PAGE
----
inSCALE - Integrated Community Case Management of Common Childhood Diseases: Mozambique and Uganda

Time

2010 - 2015

Background

Community based agents (CBAs) can deliver lifesaving treatment to children. However, scale-up can be problematic in terms of low motivation, attrition and poor performance of CBAs. The Innovations at Scale for Community Access and Lasting Effects (inSCALE) project will identify and document limitations to national scale up of Integrated Community Case Management (ICCM) in terms of its geographical distribution and quality.

Aim

The aim of the project is to demonstrate that coverage of government-led integrated community case management programmes can be increased to cover up to 33 percent of the districts, primarily resulting in more children with diarrhoea, pneumonia and malaria accessing appropriate care.

Methods

Potential innovations to improve supervision and motivation were identified through literature reviews, observations, stakeholder interviews together with country-level contextual data. Promising interventions were selected through a workshop, and their feasibility and acceptance among stakeholders, CBAs, community members and health workers were assessed using formative research methods.

Selected innovations identified will be pre-tested, piloted and evaluated through:A cluster randomized controlled trial

  1. Household interviews with caretakers of children with diarrhoea, pneumonia and malaria appropriately treated by CBAs
  2. Periodic CBAs surveys for information on retention, motivation and performance
  3. Process evaluation using in-depth interviews and focus group discussions with CBAs, CBA supervisors, community members and national stakeholders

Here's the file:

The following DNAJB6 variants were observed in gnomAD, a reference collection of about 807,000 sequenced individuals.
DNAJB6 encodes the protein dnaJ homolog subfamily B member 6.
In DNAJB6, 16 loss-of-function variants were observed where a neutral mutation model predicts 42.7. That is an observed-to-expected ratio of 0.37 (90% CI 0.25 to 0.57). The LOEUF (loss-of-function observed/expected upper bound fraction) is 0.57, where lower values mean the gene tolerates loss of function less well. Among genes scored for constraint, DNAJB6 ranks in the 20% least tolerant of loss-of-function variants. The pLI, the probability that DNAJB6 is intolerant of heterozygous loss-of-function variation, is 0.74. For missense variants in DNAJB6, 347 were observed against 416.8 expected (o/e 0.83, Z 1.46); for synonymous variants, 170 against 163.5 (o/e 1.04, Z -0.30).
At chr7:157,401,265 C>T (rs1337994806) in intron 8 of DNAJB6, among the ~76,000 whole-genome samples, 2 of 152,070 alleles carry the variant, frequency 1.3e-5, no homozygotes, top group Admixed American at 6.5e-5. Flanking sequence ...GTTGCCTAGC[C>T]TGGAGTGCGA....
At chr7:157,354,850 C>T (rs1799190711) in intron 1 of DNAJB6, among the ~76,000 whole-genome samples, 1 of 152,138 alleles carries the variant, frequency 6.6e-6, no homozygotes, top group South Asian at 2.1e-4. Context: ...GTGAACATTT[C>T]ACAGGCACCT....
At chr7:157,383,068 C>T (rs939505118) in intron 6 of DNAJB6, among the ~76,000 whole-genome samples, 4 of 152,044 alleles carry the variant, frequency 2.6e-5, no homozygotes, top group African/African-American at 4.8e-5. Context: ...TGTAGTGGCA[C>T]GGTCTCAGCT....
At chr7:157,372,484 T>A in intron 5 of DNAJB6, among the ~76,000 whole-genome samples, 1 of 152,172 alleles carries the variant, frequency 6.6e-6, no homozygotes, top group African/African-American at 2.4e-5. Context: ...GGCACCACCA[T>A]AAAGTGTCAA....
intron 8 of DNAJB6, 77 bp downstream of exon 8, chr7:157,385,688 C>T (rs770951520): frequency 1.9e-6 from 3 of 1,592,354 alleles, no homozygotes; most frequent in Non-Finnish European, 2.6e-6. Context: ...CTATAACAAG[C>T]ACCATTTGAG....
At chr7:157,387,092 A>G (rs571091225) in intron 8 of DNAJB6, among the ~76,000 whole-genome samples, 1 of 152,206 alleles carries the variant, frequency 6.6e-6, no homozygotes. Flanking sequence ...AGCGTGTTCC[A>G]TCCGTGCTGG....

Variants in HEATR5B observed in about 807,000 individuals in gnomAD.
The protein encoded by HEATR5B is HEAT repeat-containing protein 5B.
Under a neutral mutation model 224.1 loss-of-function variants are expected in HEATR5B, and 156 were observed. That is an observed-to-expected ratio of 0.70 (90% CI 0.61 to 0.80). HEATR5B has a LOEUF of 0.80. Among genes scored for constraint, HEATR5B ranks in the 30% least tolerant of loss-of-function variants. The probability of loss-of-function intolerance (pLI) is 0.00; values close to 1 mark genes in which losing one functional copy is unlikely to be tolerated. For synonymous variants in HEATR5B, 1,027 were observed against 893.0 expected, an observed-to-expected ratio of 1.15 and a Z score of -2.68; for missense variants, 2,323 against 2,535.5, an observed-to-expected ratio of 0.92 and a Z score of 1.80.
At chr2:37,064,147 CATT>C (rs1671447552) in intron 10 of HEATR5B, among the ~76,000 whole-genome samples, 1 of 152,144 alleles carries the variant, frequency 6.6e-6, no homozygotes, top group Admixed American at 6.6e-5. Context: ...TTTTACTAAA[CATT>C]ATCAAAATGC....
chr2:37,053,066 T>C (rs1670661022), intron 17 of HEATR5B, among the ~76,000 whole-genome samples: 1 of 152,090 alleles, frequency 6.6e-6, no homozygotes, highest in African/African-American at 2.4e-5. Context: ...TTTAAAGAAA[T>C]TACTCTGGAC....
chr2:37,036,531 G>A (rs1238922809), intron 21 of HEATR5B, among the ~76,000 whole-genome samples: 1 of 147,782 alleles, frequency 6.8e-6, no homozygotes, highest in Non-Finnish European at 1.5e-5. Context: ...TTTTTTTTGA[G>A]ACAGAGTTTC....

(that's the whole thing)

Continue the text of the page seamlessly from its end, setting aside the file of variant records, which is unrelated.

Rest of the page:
4. Routinely collected program data
  5. Cost and cost effectiveness analysis based on data from caretakers, CBAs, health facilities, districts, national offices and project data

The findings to inform and refine national implementation strategies to promote scale up of ICCM will be done through advocacy activities including live radio shows, dissemination of reports, stakeholder workshops, policy briefs and newsletters.

Preliminary results

Based on literature reviews and stakeholder interviews, 18 activities that potentially can improve supervision and motivation among CBAs were identified. These activities were categorized into either a technology supported approach or a community supported approach. Using a pile sorting exercise with stakeholders, a short list of activities to be taken forward to the intervention trial was created and formative research started to inform innovation design.

Funding

Funded by Bill & Melinda Gates Foundation.

Website

www.malariaconsortium.org/inscale

Contact person

Adjunct senior lecturer

Karin Källander

Organizational unit: Global health (IHCAR)
E-mail: Karin.Kallander@ki.se

Global HealthPublic Health